It has been a WEEK. I can’t even begin to describe to you the horrors of this week (well, I can, but you all are better left in ignorance of the horrors and failures of humanity; you’re here for books—and cats, I hope!). I have two reviews nearly done, but instead I’m drinking my second glass of Arbor Mist. My cat here is demonstrating an approximation of my energy level.
Do you enjoy the knickknacks and artwork on our shelves? Do you keep anything but books on your shelves?
There are a lot of books in this picture, and not all of them are where they are supposed to be. The house is a bit of a mess, a bit like my week has been, but my cat is in a box and looking adorable, and I can’t deny you that for all the other faults in this photo. Oftentimes perfection is unattainable, and a house that looks occupied and loved can be as comforting as a worn and yellowing favorite can be. It looks like I was reading Andrew Peterson‘s The Warden and the Wolf King in this photo; that’s the topmost book left out on the coffee table.
I’m apparently not going to be mentally able enough for long enough when I’m free enough this week to finish the blog post that I almost have done. So instead, I’m sharing with you a few more of my favorite lines from one of my favorite books.
These are both from my first, excited read-through of the final book in Maggie Stiefvater’s Raven Cycle, The Raven King.
The usual warnings about SPOILERS, but actually I think these pages are pretty innocuous, and I know the lines that I’m extracting are safe.
” ‘Where the hell is Ronan?’ Gansey asked, echoing the words that thousands of humans had uttered since mankind developed speech.”
For me, what words Gansey said are irrelevant. That tag is amazing.
” ‘I don’t want to talk about.’
” ‘ I do,’ Ronan said.
” ‘Well, I don’t. I’m not proud of it.’
“Ronan patted her leg. ‘I’ll be proud for you.’ “
I’m not sure why I love this exchange so. Maybe just because it is so real.
I really can’t tell you often enough to give this series a try. The first book in the sequel series is due out November 5, and I am so excited. The first book in that series is called Call Down the Hawk.
Is there anything much more exciting than a brand new bookshelf (or a new to you bookshelf as the case may be)? With more space, we were excited to reorganize and re-sort our hoard of books. With this bookcase, we added a new shelf of poetry (on the top shelf) and a new home for anthologies (stacked on top).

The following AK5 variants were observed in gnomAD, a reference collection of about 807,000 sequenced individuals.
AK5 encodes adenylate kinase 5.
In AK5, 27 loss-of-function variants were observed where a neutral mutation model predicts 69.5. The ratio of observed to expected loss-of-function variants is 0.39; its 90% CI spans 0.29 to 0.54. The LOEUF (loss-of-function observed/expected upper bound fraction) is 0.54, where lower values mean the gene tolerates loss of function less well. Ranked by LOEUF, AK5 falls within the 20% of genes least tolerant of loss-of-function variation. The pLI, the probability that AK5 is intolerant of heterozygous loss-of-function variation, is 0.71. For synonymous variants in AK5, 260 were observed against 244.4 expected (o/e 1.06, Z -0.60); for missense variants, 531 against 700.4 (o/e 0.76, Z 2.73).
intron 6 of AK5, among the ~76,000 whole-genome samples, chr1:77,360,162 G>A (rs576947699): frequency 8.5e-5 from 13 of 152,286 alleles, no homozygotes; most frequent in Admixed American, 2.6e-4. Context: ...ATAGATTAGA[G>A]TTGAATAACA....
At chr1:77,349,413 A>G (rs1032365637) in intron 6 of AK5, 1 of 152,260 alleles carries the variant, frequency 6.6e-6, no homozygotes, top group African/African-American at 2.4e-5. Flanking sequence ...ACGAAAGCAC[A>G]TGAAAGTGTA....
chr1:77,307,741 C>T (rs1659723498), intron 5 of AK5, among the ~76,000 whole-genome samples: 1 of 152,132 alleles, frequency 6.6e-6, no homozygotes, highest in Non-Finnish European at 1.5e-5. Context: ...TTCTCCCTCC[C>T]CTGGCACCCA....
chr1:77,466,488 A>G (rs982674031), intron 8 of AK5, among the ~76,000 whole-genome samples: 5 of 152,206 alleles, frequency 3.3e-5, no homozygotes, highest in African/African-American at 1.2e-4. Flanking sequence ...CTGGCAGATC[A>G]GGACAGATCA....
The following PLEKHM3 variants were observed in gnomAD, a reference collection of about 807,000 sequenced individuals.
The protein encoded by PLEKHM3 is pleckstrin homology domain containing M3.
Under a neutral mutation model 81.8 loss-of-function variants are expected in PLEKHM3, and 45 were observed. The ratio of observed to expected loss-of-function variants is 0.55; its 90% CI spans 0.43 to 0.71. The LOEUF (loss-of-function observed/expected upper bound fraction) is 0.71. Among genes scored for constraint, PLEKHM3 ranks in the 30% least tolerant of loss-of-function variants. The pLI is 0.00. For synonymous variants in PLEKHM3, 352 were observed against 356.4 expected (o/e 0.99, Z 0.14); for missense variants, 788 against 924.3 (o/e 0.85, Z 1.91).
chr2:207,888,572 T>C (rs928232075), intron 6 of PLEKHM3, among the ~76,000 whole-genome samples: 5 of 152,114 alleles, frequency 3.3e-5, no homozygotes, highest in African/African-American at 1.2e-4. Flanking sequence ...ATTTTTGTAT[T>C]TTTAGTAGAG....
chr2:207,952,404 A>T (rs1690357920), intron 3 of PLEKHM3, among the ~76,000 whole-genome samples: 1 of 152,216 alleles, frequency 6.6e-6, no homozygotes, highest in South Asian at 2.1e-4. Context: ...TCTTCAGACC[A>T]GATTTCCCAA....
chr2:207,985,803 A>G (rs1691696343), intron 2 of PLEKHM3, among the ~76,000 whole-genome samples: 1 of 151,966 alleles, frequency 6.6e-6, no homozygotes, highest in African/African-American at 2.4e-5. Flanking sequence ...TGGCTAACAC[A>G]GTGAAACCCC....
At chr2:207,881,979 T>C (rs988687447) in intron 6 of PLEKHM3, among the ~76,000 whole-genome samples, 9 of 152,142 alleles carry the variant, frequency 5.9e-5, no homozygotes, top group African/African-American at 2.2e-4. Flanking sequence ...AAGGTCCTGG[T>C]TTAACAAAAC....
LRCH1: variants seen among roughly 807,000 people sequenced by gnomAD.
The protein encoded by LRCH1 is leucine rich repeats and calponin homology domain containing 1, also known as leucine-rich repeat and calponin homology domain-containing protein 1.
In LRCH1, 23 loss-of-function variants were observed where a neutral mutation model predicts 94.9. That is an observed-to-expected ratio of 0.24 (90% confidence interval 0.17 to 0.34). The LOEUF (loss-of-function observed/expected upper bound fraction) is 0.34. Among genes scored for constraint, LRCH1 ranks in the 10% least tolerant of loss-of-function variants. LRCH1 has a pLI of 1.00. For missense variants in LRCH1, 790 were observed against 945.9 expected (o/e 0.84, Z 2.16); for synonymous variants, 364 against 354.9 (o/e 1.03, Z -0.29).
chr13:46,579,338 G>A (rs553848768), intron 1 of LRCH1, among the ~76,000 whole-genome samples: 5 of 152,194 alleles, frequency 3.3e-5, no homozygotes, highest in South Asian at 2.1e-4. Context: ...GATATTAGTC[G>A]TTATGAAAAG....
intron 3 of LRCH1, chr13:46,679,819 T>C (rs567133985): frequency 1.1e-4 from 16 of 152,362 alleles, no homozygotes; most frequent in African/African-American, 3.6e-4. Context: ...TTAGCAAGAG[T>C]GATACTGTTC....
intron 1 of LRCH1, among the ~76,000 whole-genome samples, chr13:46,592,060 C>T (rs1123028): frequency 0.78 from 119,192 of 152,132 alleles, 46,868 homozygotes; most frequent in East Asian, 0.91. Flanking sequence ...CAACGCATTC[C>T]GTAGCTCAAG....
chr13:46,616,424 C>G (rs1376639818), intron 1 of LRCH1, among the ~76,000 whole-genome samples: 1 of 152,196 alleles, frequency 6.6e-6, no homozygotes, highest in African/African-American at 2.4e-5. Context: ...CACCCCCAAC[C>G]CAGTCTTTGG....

Poll: Would you put books like Homer’s Odyssey and Gilgamesh in with novels or with poetry? Epic poems like those have the plot and length of a novel but the cadence of short form poetry, and I constantly struggle to determine where they better fit.
This is an open page, so SPOILERS!
Some books are just better the second time around. Some writers’ brilliance is really only polished to a shine by a second reading. This is a page from Maggie Stiefvater’s The Raven Cycle, Book 1: The Raven Boys, which—hey—by the way, is being turned into a television series, and you should definitely read the books before you see the show. This series has become one of my all-time favorites. It lives in its entirety on the small bookcase in my nook of a bedroom. It is one of the ones that I pull out to be comforted and to be drawn away.
This past week has been chaotic, and next week is likely going to be even more so. I hope you won’t mind me putting off using my depleted brain to review and process books and will just enjoy some bookish photos and a trip down memory lane with me.
“When I’m finished,” Octavian promised, “nothing will be left of your kind but stories. I will burn your homes. I will bury your warriors.” His voice grew even softer. “I will blacken your sky with crows.”
Sometimes, a book can steal my heart with just one well-crafted line. This is from one of Jim Buctcher’s books in the Codex Alera series. I haven’t read any of these books yet, but my roommate paused in her lightning speed read to read this one paragraph aloud to me, and I am nearly certain now that I will love this series. I will love this paragraph forever regardless. Just that line… “nothing will be left of your kind but stories.” And “I will blacken your sky with crows.”
This is a page from Thornyhold by Mary Stewart. I grabbed it on a whim one day while trapped in my chair; I don’t remember why I wasn’t able to move. The book is my roommate’s, one that has survived several shelf purges even since we moved to this house–and one that she brought with her when we moved in. I don’t know how long she has had it, but by that alone, I know it is one that she enjoyed. I enjoyed the writing style that I was exposed to in these few pages, but I never have yet gone back to finish it. Sometimes, I can be convinced to try a book by mere convenience. Have you ever picked up a book just because it seems to be the best thing near at hand? Have you found any favorites that way?
Oops. In planning for another adventure and just the day-to-day I never did get around to finishing a blog post (though I’m close on at least one). I didn’t want to leave you without anything for the next two weeks, so enjoy some of these favorite lines of mine from Maggie Stiefvater’s Blue Lily, Lily Blue, the third book in The Raven Cycle.
Needless to say, if you read the full pages, you might find some spoilers, but the quotes I’ve highlighted are all I think pretty safe.
“She drifted toward the bedroom, on her way to have a bath or take a nap or start a war.”
“Violence was a disease Gansey didn’t think he could catch.”
“Blue was perfectly aware that is was possible to have a friendship that wasn’t all-encompassing, that wasn’t blinding, deafening, maddening, quickening. It was just that now that she’d had this kind, she didn’t want the other.”